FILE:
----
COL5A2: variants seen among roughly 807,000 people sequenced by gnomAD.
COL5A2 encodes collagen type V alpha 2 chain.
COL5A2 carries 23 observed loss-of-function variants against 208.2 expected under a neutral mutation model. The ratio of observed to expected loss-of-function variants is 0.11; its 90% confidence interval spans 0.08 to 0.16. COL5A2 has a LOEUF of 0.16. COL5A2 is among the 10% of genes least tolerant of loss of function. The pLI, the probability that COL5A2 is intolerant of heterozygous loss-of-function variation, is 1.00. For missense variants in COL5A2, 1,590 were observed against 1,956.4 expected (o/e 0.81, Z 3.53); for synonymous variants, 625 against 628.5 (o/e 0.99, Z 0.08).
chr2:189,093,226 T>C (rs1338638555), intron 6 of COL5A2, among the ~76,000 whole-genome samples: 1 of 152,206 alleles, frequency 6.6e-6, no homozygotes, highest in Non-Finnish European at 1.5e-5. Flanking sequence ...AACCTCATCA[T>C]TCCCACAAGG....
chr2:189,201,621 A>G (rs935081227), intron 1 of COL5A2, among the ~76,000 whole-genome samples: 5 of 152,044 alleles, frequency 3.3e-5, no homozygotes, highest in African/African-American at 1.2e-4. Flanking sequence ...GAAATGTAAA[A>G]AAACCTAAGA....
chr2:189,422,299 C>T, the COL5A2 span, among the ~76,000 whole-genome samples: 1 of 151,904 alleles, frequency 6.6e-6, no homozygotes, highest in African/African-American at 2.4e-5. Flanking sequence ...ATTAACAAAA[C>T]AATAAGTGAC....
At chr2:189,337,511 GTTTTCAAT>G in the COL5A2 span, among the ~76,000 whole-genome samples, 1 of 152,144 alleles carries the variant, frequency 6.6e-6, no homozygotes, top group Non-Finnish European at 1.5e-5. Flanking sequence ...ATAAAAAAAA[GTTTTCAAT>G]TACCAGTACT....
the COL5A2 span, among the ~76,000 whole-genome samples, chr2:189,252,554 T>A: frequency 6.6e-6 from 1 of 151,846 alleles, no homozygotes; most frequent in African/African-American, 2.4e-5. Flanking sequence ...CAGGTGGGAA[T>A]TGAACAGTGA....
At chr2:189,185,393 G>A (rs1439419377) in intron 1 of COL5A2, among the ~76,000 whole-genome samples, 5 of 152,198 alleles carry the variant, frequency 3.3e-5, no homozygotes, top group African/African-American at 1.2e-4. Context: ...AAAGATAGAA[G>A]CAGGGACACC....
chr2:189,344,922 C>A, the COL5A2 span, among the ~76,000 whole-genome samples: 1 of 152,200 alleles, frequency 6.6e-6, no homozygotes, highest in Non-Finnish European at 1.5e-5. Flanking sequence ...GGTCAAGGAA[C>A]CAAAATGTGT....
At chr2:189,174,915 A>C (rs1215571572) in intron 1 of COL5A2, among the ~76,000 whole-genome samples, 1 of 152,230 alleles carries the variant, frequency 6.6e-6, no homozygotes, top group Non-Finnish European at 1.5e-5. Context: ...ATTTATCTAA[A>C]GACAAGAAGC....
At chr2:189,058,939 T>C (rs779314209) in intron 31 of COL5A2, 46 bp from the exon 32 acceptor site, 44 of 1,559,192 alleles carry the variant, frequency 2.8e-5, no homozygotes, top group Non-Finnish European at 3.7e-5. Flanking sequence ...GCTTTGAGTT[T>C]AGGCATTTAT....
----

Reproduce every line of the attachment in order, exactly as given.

COL5A2: variants seen among roughly 807,000 people sequenced by gnomAD.
COL5A2 encodes collagen type V alpha 2 chain.
COL5A2 carries 23 observed loss-of-function variants against 208.2 expected under a neutral mutation model. The ratio of observed to expected loss-of-function variants is 0.11; its 90% confidence interval spans 0.08 to 0.16. COL5A2 has a LOEUF of 0.16. COL5A2 is among the 10% of genes least tolerant of loss of function. The pLI, the probability that COL5A2 is intolerant of heterozygous loss-of-function variation, is 1.00. For missense variants in COL5A2, 1,590 were observed against 1,956.4 expected (o/e 0.81, Z 3.53); for synonymous variants, 625 against 628.5 (o/e 0.99, Z 0.08).
chr2:189,093,226 T>C (rs1338638555), intron 6 of COL5A2, among the ~76,000 whole-genome samples: 1 of 152,206 alleles, frequency 6.6e-6, no homozygotes, highest in Non-Finnish European at 1.5e-5. Flanking sequence ...AACCTCATCA[T>C]TCCCACAAGG....
chr2:189,201,621 A>G (rs935081227), intron 1 of COL5A2, among the ~76,000 whole-genome samples: 5 of 152,044 alleles, frequency 3.3e-5, no homozygotes, highest in African/African-American at 1.2e-4. Flanking sequence ...GAAATGTAAA[A>G]AAACCTAAGA....
chr2:189,422,299 C>T, the COL5A2 span, among the ~76,000 whole-genome samples: 1 of 151,904 alleles, frequency 6.6e-6, no homozygotes, highest in African/African-American at 2.4e-5. Flanking sequence ...ATTAACAAAA[C>T]AATAAGTGAC....
At chr2:189,337,511 GTTTTCAAT>G in the COL5A2 span, among the ~76,000 whole-genome samples, 1 of 152,144 alleles carries the variant, frequency 6.6e-6, no homozygotes, top group Non-Finnish European at 1.5e-5. Flanking sequence ...ATAAAAAAAA[GTTTTCAAT>G]TACCAGTACT....
the COL5A2 span, among the ~76,000 whole-genome samples, chr2:189,252,554 T>A: frequency 6.6e-6 from 1 of 151,846 alleles, no homozygotes; most frequent in African/African-American, 2.4e-5. Flanking sequence ...CAGGTGGGAA[T>A]TGAACAGTGA....
At chr2:189,185,393 G>A (rs1439419377) in intron 1 of COL5A2, among the ~76,000 whole-genome samples, 5 of 152,198 alleles carry the variant, frequency 3.3e-5, no homozygotes, top group African/African-American at 1.2e-4. Context: ...AAAGATAGAA[G>A]CAGGGACACC....
chr2:189,344,922 C>A, the COL5A2 span, among the ~76,000 whole-genome samples: 1 of 152,200 alleles, frequency 6.6e-6, no homozygotes, highest in Non-Finnish European at 1.5e-5. Flanking sequence ...GGTCAAGGAA[C>A]CAAAATGTGT....
At chr2:189,174,915 A>C (rs1215571572) in intron 1 of COL5A2, among the ~76,000 whole-genome samples, 1 of 152,230 alleles carries the variant, frequency 6.6e-6, no homozygotes, top group Non-Finnish European at 1.5e-5. Context: ...ATTTATCTAA[A>C]GACAAGAAGC....
At chr2:189,058,939 T>C (rs779314209) in intron 31 of COL5A2, 46 bp from the exon 32 acceptor site, 44 of 1,559,192 alleles carry the variant, frequency 2.8e-5, no homozygotes, top group Non-Finnish European at 3.7e-5. Flanking sequence ...GCTTTGAGTT[T>C]AGGCATTTAT....